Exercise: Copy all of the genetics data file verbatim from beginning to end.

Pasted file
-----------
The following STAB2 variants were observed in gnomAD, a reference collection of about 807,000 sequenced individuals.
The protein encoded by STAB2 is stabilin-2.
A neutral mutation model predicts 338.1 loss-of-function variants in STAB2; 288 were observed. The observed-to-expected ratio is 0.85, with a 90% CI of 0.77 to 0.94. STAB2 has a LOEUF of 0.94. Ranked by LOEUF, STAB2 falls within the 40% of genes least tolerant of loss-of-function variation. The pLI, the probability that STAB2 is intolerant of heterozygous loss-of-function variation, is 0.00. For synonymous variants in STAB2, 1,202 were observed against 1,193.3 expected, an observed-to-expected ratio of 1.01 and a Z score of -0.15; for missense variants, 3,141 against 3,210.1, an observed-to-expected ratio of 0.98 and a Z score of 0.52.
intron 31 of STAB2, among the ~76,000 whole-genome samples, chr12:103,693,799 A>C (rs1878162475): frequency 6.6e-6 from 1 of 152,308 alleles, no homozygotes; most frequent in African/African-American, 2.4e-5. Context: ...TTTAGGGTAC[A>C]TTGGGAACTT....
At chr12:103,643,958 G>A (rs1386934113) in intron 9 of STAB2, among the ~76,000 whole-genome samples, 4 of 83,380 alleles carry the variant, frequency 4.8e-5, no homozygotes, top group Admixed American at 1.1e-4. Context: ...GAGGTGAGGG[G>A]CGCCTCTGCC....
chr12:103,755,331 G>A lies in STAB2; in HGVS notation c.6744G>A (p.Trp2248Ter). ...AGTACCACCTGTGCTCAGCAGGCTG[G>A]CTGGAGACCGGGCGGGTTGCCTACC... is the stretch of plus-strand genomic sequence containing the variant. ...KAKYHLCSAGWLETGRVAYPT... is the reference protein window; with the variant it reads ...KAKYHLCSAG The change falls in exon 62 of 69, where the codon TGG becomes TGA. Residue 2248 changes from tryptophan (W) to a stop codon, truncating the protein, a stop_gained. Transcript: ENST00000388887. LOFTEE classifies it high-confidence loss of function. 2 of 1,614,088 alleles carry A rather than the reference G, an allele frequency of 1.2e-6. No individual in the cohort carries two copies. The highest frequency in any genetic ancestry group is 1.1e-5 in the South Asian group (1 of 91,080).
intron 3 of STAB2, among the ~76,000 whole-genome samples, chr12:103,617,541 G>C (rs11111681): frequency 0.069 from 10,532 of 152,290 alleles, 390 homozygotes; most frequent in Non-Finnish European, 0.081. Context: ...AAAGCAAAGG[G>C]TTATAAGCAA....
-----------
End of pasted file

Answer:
The following STAB2 variants were observed in gnomAD, a reference collection of about 807,000 sequenced individuals.
The protein encoded by STAB2 is stabilin-2.
A neutral mutation model predicts 338.1 loss-of-function variants in STAB2; 288 were observed. The observed-to-expected ratio is 0.85, with a 90% CI of 0.77 to 0.94. STAB2 has a LOEUF of 0.94. Ranked by LOEUF, STAB2 falls within the 40% of genes least tolerant of loss-of-function variation. The pLI, the probability that STAB2 is intolerant of heterozygous loss-of-function variation, is 0.00. For synonymous variants in STAB2, 1,202 were observed against 1,193.3 expected, an observed-to-expected ratio of 1.01 and a Z score of -0.15; for missense variants, 3,141 against 3,210.1, an observed-to-expected ratio of 0.98 and a Z score of 0.52.
intron 31 of STAB2, among the ~76,000 whole-genome samples, chr12:103,693,799 A>C (rs1878162475): frequency 6.6e-6 from 1 of 152,308 alleles, no homozygotes; most frequent in African/African-American, 2.4e-5. Context: ...TTTAGGGTAC[A>C]TTGGGAACTT....
At chr12:103,643,958 G>A (rs1386934113) in intron 9 of STAB2, among the ~76,000 whole-genome samples, 4 of 83,380 alleles carry the variant, frequency 4.8e-5, no homozygotes, top group Admixed American at 1.1e-4. Context: ...GAGGTGAGGG[G>A]CGCCTCTGCC....
chr12:103,755,331 G>A lies in STAB2; in HGVS notation c.6744G>A (p.Trp2248Ter). ...AGTACCACCTGTGCTCAGCAGGCTG[G>A]CTGGAGACCGGGCGGGTTGCCTACC... is the stretch of plus-strand genomic sequence containing the variant. ...KAKYHLCSAGWLETGRVAYPT... is the reference protein window; with the variant it reads ...KAKYHLCSAG The change falls in exon 62 of 69, where the codon TGG becomes TGA. Residue 2248 changes from tryptophan (W) to a stop codon, truncating the protein, a stop_gained. Transcript: ENST00000388887. LOFTEE classifies it high-confidence loss of function. 2 of 1,614,088 alleles carry A rather than the reference G, an allele frequency of 1.2e-6. No individual in the cohort carries two copies. The highest frequency in any genetic ancestry group is 1.1e-5 in the South Asian group (1 of 91,080).
intron 3 of STAB2, among the ~76,000 whole-genome samples, chr12:103,617,541 G>C (rs11111681): frequency 0.069 from 10,532 of 152,290 alleles, 390 homozygotes; most frequent in Non-Finnish European, 0.081. Context: ...AAAGCAAAGG[G>C]TTATAAGCAA....